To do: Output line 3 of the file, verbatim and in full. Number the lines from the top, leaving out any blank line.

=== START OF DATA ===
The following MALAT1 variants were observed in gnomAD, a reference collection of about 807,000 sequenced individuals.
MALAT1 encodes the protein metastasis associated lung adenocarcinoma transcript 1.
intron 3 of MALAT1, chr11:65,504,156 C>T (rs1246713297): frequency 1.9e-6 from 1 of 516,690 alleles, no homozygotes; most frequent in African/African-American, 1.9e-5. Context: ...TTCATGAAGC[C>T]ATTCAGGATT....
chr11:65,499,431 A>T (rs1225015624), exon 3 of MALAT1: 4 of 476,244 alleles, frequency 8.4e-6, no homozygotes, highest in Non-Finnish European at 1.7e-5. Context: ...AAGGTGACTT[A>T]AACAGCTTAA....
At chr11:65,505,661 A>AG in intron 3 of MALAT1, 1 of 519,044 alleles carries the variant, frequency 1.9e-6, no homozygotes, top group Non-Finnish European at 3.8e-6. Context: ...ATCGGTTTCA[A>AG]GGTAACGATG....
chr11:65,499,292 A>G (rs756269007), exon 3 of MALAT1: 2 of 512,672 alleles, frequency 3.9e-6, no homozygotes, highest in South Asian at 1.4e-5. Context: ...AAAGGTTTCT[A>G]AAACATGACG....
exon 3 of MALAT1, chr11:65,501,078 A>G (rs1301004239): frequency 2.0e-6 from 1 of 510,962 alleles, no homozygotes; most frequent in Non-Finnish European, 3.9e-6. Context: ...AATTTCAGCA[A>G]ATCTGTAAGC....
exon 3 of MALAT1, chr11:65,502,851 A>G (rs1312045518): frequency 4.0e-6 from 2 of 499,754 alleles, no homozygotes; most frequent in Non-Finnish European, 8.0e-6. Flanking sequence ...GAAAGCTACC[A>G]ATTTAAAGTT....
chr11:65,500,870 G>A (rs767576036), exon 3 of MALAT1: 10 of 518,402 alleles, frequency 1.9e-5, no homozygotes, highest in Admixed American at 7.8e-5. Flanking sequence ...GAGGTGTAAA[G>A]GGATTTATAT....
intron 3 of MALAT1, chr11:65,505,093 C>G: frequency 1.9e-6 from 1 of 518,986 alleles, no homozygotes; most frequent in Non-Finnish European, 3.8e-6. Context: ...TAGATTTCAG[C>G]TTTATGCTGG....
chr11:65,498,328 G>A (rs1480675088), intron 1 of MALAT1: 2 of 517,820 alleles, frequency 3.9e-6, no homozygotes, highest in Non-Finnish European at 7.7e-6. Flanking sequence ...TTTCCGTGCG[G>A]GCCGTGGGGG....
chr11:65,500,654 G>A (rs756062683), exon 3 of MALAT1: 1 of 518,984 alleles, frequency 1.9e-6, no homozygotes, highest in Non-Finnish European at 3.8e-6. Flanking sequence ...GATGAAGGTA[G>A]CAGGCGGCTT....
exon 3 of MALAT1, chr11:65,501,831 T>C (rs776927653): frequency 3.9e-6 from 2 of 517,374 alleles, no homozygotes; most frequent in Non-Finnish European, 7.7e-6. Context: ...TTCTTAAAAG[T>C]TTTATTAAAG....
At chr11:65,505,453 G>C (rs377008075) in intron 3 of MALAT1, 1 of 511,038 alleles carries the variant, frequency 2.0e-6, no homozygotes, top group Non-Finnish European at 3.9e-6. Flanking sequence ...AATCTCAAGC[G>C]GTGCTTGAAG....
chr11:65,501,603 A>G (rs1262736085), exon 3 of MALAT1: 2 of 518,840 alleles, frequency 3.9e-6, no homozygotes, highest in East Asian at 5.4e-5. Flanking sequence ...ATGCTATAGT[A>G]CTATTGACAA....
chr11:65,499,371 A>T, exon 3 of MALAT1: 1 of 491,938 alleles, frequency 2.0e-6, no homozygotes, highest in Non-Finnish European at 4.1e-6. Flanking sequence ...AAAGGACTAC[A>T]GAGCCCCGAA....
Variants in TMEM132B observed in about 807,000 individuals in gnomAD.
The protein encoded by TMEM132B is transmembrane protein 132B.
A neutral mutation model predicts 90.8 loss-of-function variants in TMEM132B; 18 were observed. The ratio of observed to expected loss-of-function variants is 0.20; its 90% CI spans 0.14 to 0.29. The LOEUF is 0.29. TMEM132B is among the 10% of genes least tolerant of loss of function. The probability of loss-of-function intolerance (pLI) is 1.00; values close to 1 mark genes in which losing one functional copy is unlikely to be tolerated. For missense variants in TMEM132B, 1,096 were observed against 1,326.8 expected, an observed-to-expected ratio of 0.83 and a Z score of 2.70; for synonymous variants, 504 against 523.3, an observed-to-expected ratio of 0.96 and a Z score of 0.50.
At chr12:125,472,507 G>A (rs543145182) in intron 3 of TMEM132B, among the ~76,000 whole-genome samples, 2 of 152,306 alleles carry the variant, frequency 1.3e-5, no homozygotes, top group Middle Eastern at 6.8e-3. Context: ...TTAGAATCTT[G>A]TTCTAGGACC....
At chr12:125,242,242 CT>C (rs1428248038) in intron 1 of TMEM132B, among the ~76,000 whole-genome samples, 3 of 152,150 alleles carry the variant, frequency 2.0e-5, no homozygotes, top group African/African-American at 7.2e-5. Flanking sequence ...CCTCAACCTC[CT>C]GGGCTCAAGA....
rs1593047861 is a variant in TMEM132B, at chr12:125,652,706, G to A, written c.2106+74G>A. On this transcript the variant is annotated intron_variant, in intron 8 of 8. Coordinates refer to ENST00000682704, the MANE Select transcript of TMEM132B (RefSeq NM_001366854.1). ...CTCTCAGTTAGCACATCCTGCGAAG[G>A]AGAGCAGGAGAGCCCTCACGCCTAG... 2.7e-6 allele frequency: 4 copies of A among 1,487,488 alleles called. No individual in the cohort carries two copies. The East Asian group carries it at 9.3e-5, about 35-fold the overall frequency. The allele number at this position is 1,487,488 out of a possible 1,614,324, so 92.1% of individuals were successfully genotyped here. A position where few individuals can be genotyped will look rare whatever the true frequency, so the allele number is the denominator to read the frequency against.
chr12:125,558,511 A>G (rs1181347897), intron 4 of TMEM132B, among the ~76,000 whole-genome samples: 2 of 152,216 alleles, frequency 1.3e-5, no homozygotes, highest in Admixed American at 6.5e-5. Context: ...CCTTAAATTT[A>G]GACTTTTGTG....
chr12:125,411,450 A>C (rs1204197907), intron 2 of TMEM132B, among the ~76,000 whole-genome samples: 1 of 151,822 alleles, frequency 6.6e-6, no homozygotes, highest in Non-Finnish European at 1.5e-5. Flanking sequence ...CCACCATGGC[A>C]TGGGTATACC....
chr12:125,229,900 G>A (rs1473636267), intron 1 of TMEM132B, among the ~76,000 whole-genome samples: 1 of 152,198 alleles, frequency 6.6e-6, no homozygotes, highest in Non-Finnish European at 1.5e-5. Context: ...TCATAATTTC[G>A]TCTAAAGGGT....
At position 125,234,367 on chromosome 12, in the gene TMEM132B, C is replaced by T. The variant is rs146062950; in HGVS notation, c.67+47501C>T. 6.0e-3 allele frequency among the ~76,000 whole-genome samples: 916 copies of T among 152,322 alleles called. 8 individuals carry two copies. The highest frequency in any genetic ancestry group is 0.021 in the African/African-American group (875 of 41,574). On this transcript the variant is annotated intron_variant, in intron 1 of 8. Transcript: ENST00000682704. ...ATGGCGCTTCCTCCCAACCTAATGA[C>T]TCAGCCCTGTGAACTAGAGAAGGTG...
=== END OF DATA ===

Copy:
intron 3 of MALAT1, chr11:65,504,156 C>T (rs1246713297): frequency 1.9e-6 from 1 of 516,690 alleles, no homozygotes; most frequent in African/African-American, 1.9e-5. Context: ...TTCATGAAGC[C>T]ATTCAGGATT....